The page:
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STYLE : GARDENS : Art of Stone

February 16, 1992|ANNIE KELLY

The Huntington Library, Art Collections and Botanical Gardens in San Marino encompass many different worlds: There's a desert garden with giant cacti. There are Japanese, Australian, subtropical, herb and rose gardens, even a Shakespeare garden of plants favored during Elizabethan times. And quietly anchoring these is an impressive, yet sometimes overlooked, collection of garden statuary.

Purchased during the early 1900s by railroad tycoon Henry Huntington and his wife, Arabella, the sculptures add an element of classicism to the peaceful ambience of the 130-acre grounds. Many remain exactly where the Huntingtons placed them, perhaps nestled among plants or at the end of a winding path. Together, they call to mind an earlier age, when leisurely afternoons were spent strolling or reading in the garden.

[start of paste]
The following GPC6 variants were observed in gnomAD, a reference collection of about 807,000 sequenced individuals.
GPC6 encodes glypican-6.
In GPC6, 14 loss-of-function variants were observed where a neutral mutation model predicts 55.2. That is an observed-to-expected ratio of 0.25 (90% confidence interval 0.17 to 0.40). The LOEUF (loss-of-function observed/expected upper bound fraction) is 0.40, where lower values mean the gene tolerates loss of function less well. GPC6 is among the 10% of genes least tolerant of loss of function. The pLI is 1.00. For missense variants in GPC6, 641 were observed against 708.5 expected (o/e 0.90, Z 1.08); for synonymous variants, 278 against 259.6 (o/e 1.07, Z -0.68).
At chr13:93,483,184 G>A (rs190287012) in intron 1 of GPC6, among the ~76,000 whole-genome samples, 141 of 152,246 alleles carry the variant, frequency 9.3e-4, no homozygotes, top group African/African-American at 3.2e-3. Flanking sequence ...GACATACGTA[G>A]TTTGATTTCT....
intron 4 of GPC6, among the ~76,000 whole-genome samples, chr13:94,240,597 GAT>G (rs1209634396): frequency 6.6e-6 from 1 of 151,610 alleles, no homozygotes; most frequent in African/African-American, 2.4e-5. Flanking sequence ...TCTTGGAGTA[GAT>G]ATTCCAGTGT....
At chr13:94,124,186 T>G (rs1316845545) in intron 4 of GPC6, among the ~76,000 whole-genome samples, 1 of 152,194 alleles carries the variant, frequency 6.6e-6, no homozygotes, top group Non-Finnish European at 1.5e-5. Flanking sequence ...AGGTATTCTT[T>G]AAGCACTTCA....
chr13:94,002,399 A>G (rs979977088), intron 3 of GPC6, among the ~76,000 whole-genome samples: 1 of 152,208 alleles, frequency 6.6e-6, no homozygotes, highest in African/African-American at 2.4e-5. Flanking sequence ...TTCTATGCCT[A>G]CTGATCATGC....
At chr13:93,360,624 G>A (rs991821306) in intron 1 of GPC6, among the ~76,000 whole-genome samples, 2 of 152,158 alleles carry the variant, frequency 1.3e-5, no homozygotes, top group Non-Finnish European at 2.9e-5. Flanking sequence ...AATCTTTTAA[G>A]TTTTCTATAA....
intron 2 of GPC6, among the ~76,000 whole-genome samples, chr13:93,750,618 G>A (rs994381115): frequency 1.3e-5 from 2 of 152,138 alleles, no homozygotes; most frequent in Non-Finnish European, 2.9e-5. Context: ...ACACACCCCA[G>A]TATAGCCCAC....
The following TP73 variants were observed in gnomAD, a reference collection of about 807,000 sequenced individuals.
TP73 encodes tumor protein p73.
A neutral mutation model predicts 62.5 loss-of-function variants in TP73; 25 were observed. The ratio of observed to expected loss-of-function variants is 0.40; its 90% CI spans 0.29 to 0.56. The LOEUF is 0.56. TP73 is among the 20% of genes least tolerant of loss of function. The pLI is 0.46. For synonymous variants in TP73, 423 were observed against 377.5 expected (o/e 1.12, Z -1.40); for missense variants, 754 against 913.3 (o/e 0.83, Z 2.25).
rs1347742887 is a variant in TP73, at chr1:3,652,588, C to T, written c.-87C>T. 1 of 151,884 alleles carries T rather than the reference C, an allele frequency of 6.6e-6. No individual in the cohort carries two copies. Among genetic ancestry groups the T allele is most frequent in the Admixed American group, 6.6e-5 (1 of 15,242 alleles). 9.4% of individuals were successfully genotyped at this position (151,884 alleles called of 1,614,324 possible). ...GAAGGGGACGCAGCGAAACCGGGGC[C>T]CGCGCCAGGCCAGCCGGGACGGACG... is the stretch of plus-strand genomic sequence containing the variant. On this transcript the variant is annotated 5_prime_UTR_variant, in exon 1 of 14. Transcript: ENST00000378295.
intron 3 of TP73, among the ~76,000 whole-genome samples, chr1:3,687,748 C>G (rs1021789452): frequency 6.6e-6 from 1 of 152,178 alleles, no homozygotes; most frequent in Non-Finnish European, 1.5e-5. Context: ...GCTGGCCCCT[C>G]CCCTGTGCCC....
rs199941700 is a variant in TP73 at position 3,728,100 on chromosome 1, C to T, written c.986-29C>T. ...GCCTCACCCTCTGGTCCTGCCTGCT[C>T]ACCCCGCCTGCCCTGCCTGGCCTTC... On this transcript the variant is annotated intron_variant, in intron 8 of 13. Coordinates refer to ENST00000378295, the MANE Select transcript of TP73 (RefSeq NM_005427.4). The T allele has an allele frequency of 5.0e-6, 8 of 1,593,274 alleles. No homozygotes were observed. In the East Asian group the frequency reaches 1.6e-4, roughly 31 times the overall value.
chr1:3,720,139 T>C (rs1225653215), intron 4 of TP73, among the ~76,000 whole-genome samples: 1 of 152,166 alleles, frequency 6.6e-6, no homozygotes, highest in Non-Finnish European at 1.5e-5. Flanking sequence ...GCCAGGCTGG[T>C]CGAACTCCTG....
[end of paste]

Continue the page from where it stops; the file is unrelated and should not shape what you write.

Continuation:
One particularly striking group of statues lines the spectacular north vista (left), between the Huntington mansion and an early Italian Baroque fountain of Istrian stone. Most of the 30 or so 17th-Century limestone pieces are from a villa near Padua, Italy, but, unfortunately, little else is known about the allegorical and mythological figures.

Dozens of other works in marble and terra-cotta dot the landscape in a kind of open-air gallery. The loggia of the mansion features four 18th-Century French statues based on limestone originals that can be seen in the Louvre and the Tuileries in Paris. The rococo terra-cotta pieces depict mythological figures, including, appropriately enough, Flora, goddess of flowers, and Hamadryad (right), a tree nymph.

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